For finding a common element of 𝐹(𝑆)GEF(Θ,Ψ), let 𝐶 be a nonempty closed convex subset of a real Hilbert space 𝐻. Let Ψ be a 𝜉-inverse-strongly monotone mapping of 𝐶 into 𝐻 and let 𝑆 be a nonexpansive mapping of 𝐶 into itself. S. Takahashi and W. Takahashi [9] introduced the following iterative scheme: Θ𝑢𝑛,𝑦+Ψ𝑥𝑛,𝑦𝑢𝑛1+𝑟𝑛𝑦𝑢𝑛,𝑢𝑛𝑥𝑛𝑦0,𝑦𝐶,𝑛=𝛼𝑛𝑥+1𝛼𝑛𝑢𝑛,𝑥𝑛+1=𝛾𝑛𝑥𝑛+1𝛾𝑛𝑆𝑦𝑛,(1.17) where {𝛼𝑛}[0,1],{𝛾𝑛}[0,1], and {𝑟𝑛}[0,2𝜉] satisfy some parameters controlling conditions. They proved that the sequence {𝑥𝑛} defined by (1.17) converges strongly to a common element of 𝐹(𝑆)GEF(Θ,Ψ).

Iterative methods for nonexpansive mappings have recently been applied to solve convex minimization problems; see, for example, [7, 1012] and the references therein. Convex minimization problems have a great impact and influence in the development of almost all branches of pure and applied sciences.

A typical problem is to minimize a quadratic function over the set of fixed points of a nonexpansive mapping defined on a real Hilbert space 𝐻: min𝑥𝐹12𝐴𝑥,𝑥𝑥,𝑏,(1.18) where 𝐹 is the fixed point set of a nonexpansive mapping 𝑆 defined on 𝐻 and 𝑏 is a given point in 𝐻.

A linear bounded operator 𝐴 is strongly positive if there exists a constant 𝛾>0 with the property 𝐴𝑥,𝑥𝛾𝑥2,𝑥𝐻.(1.19)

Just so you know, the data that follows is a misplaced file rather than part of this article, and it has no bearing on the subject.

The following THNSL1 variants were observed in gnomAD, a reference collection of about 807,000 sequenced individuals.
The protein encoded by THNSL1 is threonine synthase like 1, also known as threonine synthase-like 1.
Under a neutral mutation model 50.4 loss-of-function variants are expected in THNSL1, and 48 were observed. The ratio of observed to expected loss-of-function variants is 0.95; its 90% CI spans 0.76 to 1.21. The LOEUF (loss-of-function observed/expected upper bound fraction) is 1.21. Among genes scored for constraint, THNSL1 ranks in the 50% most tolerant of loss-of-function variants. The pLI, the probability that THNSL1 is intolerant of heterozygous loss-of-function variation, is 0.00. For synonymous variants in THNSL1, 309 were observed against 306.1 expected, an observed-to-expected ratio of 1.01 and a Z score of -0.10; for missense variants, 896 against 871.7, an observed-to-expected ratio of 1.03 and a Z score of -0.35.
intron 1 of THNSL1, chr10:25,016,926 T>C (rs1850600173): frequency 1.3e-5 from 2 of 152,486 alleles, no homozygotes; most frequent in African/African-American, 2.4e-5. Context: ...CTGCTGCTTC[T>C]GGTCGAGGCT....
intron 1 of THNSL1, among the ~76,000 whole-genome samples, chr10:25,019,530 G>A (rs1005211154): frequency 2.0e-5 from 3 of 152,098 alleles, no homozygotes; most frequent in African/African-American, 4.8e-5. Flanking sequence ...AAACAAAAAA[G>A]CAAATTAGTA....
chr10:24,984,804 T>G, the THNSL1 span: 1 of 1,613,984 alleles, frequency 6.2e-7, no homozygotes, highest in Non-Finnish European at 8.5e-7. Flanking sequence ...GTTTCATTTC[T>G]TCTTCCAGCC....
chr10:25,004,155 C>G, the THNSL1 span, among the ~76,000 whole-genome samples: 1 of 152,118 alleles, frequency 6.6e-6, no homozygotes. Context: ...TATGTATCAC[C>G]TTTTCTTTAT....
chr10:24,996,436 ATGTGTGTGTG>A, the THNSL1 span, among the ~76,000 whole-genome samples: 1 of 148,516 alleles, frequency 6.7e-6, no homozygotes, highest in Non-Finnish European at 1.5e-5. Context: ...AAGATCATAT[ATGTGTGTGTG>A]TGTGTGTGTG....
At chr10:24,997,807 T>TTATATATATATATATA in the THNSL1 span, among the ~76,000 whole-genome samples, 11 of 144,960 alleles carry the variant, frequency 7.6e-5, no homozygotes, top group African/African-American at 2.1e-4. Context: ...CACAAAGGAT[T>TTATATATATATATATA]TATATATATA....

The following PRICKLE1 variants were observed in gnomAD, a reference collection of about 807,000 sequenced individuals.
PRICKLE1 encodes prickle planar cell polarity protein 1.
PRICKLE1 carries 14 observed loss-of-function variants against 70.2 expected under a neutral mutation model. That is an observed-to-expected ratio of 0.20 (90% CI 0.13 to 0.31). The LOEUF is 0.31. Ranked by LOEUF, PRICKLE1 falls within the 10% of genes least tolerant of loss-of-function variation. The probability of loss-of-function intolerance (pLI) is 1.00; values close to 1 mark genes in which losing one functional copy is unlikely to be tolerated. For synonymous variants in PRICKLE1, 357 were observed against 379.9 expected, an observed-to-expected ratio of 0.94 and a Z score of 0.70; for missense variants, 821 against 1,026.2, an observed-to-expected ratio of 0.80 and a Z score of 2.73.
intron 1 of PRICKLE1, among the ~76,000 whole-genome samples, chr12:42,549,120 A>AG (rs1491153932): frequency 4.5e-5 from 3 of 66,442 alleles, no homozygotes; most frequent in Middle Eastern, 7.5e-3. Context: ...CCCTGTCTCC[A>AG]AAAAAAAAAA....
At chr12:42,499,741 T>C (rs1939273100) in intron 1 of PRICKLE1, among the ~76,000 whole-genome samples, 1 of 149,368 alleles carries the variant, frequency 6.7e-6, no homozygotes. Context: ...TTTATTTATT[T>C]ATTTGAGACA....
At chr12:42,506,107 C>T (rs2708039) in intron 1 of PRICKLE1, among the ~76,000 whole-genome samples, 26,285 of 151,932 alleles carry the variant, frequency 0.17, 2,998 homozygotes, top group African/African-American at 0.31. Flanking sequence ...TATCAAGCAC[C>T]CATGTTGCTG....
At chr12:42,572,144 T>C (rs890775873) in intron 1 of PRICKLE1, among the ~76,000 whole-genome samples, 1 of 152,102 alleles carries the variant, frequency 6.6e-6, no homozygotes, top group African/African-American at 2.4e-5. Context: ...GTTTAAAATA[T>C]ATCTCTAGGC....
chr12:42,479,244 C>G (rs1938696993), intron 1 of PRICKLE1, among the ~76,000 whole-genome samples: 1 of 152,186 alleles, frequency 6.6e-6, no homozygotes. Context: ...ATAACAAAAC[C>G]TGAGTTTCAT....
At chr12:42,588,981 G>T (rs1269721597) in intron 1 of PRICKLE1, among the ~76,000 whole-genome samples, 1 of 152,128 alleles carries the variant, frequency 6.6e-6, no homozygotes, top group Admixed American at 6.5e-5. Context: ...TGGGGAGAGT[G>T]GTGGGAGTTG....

Recently, Marino and Xu [13] introduced a new iterative scheme by the viscosity approximation method: 𝑥𝑛+1=𝜖𝑛𝑥𝛾𝑓𝑛+1𝜖𝑛𝐴𝑆𝑥𝑛.(1.20) They proved that the sequence {𝑥𝑛} generated by (1.20) converges strongly to the unique solution of the variational inequality: 𝛾𝑓𝑧𝐴𝑧,𝑥𝑧0,𝑥𝐹(𝑆),(1.21) which is the optimality condition for the minimization problem: min𝑥𝐹(𝑆)12𝐴𝑥,𝑥(𝑥),(1.22) where is a potential function for 𝛾𝑓.

In 2008, Qin et al. [14] proposed the following iterative algorithm: Θ𝑢𝑛+1,𝑦𝑟𝑛𝑦𝑢𝑛,𝑢𝑛𝑥𝑛𝑥0,𝑦𝐻,𝑛+1=𝜖𝑛𝑥𝛾𝑓𝑛+𝐼𝜖𝑛𝐴𝑆𝑃𝐶𝑢𝑛𝛼𝑛𝐵𝑢𝑛,(1.23) where 𝐴 is a strongly positive linear bounded operator and 𝐵 is a relaxed cocoercive mapping of 𝐶 into 𝐻. They proved that if the sequences {𝜖𝑛},{𝛼𝑛}, and {𝑟𝑛} of parameters satisfy appropriate condition, then the sequence {𝑥𝑛} defined by (1.23) converges strongly to the unique solution 𝑧 of the variational inequality: 𝛾𝑓𝑧𝐴𝑧,𝑥𝑧0,𝑥𝐹(𝑆)VI(𝐶,𝐵)EP(Θ),(1.24) which is the optimality condition for the minimization problem: min𝑥𝐹(𝑆)VI(𝐶,𝐵)EP(Θ)12𝐴𝑥,𝑥(𝑥),(1.25) where is a potential function for 𝛾𝑓.